Unforgettable Characters
The characters in The Sims 2 DS are just terrific. Some have appeared in other handheld games, and some were written primarily for this Game. Said busty older barmaid who regularly bails me out of jail? She’s drunk, hits on all the men in town, and is also the mother of Eber-Eddie, the well-known biker who tries to appear dangerous but still lives with Mama.

Bruno Mezzoalto is a crook in a black knitted hat and leather jacket who rips everyone off but has a heart of gold and keeps spouting phrases like Ehhh, Rapedigia! in Similac Fake Italian. Horus Menhoset IX, on the other hand, is a living mummy that I’m resurrecting after accidentally helping gothic lady Ava Kadavra spread a secret cow cult in my town. Please what? No, I didn’t make that up. I wish I had that much imagination.

Then, of course, there are the non-dialogue NPCs – like all the hotel clerks and clerks who have a detailed portrait and their name but can’t do anything but stare at me blankly and do their job as an NPC. But even those are profoundly and bizarrely written! For example, the supermarket cashier is an alien teenager who can be sold spaceship parts found in the desert with a metal detector. It is rumored that he wants to use it to repair his spaceship to fly home to his family. He never speaks, but while standing behind the cash register, he can sometimes be seen sniffling unobtrusively and wiping his nose on his sleeve in dejection.

Oh, I can find that spaceship too, by the way. It is deep, deep in the desert in front of the town, guarded by two cows. I get a milkshake if I knock them over and then milk them. As soon as I enter the desert, my sanity is sinking at a furious pace, and only the milkshakes can save me. Sometimes I see one or the other Fata Morgana on the horizon. Sometimes I find an alien corpse in the sand, which I can then get rid of its organs on my dissection table to sell them. Scary enough during the day, but I only set foot in the desert at night when I had to.

History in real time
The time in Strange Town was always adjusted to the time of my DS – and therefore, every single event was very personal. If I had to wait days for residents of my town to be freed from the Big Cow’s spell (don’t ask), then I’d have to let several days pass in real time. When mafia boss Frankie Fusilli told me to bury a rumbling human-sized box in the desert, I could only do it in the black of night. I still remember how I secretly committed a serious virtual crime with the DS under the covers and scared myself.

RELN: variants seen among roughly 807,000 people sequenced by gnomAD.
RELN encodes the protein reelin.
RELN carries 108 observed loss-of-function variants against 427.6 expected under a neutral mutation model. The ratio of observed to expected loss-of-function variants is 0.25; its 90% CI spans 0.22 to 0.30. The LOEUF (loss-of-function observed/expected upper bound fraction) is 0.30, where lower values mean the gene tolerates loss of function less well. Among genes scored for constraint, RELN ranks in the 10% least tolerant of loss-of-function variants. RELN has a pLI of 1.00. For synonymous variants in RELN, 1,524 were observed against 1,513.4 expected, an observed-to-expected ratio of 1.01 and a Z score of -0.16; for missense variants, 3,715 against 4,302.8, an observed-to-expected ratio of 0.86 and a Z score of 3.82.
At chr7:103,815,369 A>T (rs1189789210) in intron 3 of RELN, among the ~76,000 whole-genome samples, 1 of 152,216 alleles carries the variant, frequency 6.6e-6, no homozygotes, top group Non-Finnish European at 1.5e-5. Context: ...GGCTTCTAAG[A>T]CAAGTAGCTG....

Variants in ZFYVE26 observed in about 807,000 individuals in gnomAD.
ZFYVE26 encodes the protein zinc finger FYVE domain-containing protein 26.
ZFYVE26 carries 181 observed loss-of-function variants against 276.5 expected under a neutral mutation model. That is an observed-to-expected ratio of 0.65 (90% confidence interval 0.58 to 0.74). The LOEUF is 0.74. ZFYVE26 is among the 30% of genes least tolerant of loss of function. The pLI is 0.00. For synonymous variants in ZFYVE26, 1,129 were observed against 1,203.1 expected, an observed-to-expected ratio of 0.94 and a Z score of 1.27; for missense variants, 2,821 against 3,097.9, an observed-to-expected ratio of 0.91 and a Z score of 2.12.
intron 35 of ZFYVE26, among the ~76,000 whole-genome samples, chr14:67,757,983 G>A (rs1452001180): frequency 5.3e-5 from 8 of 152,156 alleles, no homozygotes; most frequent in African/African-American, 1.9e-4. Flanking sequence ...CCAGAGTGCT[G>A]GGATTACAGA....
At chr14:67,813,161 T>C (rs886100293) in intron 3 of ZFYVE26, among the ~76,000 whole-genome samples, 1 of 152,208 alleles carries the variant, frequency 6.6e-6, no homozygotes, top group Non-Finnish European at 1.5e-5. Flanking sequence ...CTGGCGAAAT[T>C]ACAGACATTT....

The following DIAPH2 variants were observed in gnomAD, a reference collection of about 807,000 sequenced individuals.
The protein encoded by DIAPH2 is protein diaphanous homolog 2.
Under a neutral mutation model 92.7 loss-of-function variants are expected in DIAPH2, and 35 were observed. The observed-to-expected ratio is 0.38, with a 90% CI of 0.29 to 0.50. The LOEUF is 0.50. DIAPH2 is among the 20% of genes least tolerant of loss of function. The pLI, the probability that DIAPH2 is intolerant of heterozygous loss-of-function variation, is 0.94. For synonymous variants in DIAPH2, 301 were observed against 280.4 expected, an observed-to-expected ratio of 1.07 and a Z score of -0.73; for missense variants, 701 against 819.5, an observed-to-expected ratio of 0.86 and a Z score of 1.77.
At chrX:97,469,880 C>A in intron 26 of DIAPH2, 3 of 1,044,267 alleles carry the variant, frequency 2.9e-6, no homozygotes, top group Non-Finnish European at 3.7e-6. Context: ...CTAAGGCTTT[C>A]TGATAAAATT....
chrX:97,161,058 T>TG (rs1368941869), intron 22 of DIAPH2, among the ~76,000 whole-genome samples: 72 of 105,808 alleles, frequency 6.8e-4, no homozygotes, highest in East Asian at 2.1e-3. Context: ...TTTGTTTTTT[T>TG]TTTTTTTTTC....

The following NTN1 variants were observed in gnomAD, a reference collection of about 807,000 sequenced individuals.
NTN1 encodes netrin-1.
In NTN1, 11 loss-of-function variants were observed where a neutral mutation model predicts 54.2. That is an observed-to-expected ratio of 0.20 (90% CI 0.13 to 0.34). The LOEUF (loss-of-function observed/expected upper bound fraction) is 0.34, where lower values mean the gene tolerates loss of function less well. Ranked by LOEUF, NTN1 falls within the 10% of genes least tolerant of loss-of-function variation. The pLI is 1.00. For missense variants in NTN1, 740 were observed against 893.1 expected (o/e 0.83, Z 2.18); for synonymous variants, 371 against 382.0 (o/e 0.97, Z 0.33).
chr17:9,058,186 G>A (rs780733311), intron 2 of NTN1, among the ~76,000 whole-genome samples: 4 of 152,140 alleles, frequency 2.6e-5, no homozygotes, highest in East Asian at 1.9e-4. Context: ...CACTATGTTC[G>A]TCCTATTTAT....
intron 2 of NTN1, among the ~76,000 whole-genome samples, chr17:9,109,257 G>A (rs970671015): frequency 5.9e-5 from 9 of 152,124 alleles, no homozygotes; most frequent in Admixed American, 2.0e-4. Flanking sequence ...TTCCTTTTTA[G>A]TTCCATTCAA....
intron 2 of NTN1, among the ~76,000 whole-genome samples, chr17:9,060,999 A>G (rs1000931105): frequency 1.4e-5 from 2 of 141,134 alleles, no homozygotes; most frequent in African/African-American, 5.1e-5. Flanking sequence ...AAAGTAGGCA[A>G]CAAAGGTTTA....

Sure, you could have just changed the time on the DS and cheated – but that wasn’t a good idea. Because every time I had to adjust the time, an alien invasion descended on my hotel, which I had to defeat with my water gun. And this alien invasion still gives me goosebumps today. Everything moved only in slow motion. On the horizon stood long, thin figures who talked in an otherworldly language and rushed towards me as soon as they saw me. There was also a soundtrack that still sends shivers down my spine to this day:

Alien invasions could also occur at any time outside of this anti-cheat system. Not to mention the robot invasions, of course. Good thing I still had an alter ego as a rat superhero. Unfortunately, as the Ratticator, I couldn’t interact with anyone in town because fear and terror erupted there as soon as I appeared as a human-sized rat. This leads me to believe that the Ratticator is a similarly sinister superhero to Batman – and not the hero Strangetown needs, but the one it deserves.

Speaking of robots, I was stuck for years in the story where an evil giant robot occupied my penthouse. Because to break in there, I needed five mechanic points that could appear in random places at more or less random times. And I didn’t get past four points for years, as it turned out, the only thing that stood between me and the credits. But that didn’t matter. I tirelessly played the simulation, creating new characters, starting repeatedly, and watching the seasons pass outside my window.